Turning the Tide: Increasing Access to HIV Prevention and Care for Men Who Have Sex with Men in Ghana
Kim Green, Deputy Country Director for Ghana, FHI 360
Kosovo teachers Shkëndije Nagavci and Laura Pruthi were among 24 educators recognized for their innovative use of education technology at this year’s Microsoft Partners in Learning (PiL) European Forum held March 19-22 in Lisbon, Portugal. The teachers joined more than 250 educators from 40 European countries to showcase their work and exchange ideas about the effective use of technology to enhance 21st century teaching and learning. With this honor, Nagavci and Pruthi have earned the opportunity to join colleagues from around the world in the Global PiL Forum to be held this November in Athens, Greece.
The pair qualified for the European Forum by placing first in a national competition organized by USAID’s Basic Education Program (BEP), a project managed by FHI 360, Microsoft Partners in Learning and Kosovo’s Ministry of Education, Science and Technology. The competition is part of BEP’s efforts to encourage educators to integrate technology in to teaching and learning practices. According to Arsim Ilazi, BEP Education Technology Coordinator, a number of information sessions were held across Kosovo encouraging teachers to participate.
“One of BEP’s primary goals is to deliver quality professional development across a number of strategic content areas,” Ilazi said. “Effective use of Information and Communication Technology (ICT) for teaching and learning is embedded across each of our accredited professional development courses, even the English language course. Kosovo teachers were eager to participate in this competition and appreciated the opportunity presented by Microsoft to demonstrate their knowledge and ideas in a broader forum.”
Nagavci and Pruthi’s project, “Fractions Everywhere,” enlisted a range of engaging activities designed to provide a better understanding of a mathematical concept many students find challenging to master. Ilazi added that in developing their approach the teachers noticed measurable improvement in their students’ mathematical knowledge and skills. “Besides that, they also found that mathematics can be fun!”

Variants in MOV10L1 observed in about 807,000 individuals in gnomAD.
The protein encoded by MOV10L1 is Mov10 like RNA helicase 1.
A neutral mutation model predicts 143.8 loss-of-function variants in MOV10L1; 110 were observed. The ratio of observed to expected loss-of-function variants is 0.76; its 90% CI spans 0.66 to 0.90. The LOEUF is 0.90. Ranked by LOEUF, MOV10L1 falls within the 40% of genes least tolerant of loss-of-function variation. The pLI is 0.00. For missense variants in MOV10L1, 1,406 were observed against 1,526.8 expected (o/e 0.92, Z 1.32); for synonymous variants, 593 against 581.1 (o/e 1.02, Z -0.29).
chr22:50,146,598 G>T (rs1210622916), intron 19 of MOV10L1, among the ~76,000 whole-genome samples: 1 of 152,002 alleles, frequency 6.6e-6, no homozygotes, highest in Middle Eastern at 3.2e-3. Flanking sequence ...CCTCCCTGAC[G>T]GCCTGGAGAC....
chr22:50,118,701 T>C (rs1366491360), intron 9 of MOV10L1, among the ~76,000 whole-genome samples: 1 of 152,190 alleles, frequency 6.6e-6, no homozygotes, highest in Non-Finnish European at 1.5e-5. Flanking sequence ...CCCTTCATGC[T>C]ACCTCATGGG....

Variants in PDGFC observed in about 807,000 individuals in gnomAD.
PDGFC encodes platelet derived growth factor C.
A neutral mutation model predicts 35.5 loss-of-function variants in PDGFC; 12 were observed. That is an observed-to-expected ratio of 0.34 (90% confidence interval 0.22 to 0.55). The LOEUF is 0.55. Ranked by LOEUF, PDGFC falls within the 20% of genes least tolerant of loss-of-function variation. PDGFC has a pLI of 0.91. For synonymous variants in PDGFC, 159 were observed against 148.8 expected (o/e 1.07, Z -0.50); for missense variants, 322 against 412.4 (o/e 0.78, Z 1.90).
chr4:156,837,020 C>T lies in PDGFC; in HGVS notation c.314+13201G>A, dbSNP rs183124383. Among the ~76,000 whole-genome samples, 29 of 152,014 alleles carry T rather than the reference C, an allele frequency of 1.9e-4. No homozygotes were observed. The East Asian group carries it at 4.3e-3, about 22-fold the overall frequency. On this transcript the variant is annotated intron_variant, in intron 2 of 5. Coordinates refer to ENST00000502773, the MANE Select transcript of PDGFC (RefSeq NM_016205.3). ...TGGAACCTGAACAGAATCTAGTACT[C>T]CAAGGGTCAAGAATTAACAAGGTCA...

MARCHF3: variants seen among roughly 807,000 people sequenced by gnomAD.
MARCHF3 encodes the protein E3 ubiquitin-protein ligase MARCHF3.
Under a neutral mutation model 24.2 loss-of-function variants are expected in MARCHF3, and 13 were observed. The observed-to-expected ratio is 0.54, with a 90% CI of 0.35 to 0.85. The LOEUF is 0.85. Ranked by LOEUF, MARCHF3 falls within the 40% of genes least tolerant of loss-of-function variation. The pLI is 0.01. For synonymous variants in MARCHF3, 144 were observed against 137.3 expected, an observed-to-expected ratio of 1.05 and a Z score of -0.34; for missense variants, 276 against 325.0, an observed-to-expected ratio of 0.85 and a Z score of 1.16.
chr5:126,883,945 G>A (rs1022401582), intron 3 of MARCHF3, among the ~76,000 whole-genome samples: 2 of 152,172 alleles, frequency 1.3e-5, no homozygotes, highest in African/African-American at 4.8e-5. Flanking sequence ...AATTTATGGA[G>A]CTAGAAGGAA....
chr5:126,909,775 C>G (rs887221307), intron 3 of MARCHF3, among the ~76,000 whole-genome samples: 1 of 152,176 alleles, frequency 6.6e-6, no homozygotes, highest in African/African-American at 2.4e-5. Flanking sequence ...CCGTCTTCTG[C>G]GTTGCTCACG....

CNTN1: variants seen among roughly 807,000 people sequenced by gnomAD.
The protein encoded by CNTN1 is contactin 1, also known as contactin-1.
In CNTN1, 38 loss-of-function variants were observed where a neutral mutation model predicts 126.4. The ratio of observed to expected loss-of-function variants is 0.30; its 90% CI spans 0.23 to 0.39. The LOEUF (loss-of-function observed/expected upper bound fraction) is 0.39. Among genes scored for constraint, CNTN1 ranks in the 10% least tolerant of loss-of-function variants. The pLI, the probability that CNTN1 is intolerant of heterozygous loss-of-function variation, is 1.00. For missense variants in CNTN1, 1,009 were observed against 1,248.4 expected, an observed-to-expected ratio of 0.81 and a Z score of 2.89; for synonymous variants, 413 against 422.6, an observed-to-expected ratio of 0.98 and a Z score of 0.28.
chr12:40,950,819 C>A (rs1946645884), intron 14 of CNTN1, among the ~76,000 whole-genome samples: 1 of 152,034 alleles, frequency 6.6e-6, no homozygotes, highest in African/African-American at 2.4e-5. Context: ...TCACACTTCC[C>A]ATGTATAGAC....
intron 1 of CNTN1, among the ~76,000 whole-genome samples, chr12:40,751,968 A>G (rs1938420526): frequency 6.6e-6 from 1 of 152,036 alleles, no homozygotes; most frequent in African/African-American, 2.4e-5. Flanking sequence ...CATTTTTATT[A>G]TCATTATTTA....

“Dr. Keith Prenton, BEP Chief of Party added, “Developing teacher capacity in the effective use of technology is one of the key areas identified by USAID and the Government of Kosovo to strengthen education reform efforts in Kosovo. BEP’s Professional Development activities, together with its components focused on School Management and Assessment will provide Kosovo with many of the critical elements needed to build a 21st century education system.” Prenton is no stranger to modernizing education systems in the Balkan region. Prior to assuming the lead at BEP, he managed a similar large-scale transformation effort for FHI 360 in Macedonia, Kosovo’s southern neighbor. In fact, after a similar success at last year’s PiL European Forum, a team of Macedonian teachers qualified for the PiL Global Forum held in Washington, DC last November and placed second in the “Educator’s Choice” category. “We invited the Macedonian team to the national competition here in Kosovo this year. Their success on the European and global stage served as a great source of inspiration for the teachers here in Kosovo.”
Last year 2,614 people contacted FHI 360’s National Dissemination Center for Children with Disabilities with urgent questions. What’s an IEP? What does it mean when a teacher says my child has AD/HD? Where can I find other parents of deaf children?
And those were only the calls and emails. Thousands of others came to the center’s website and scoured its online database.
The center, which goes by the acronym NICHCY (pronounced NEE-chee), now has a new way to get information to parents, teachers, and others whose lives are touched by children with disabilities: a smartphone app. With the touch of a finger on an iPhone or a Droid, users can now literally tap into NICHCY’s extensive database of hundreds state organizations and local parent centers.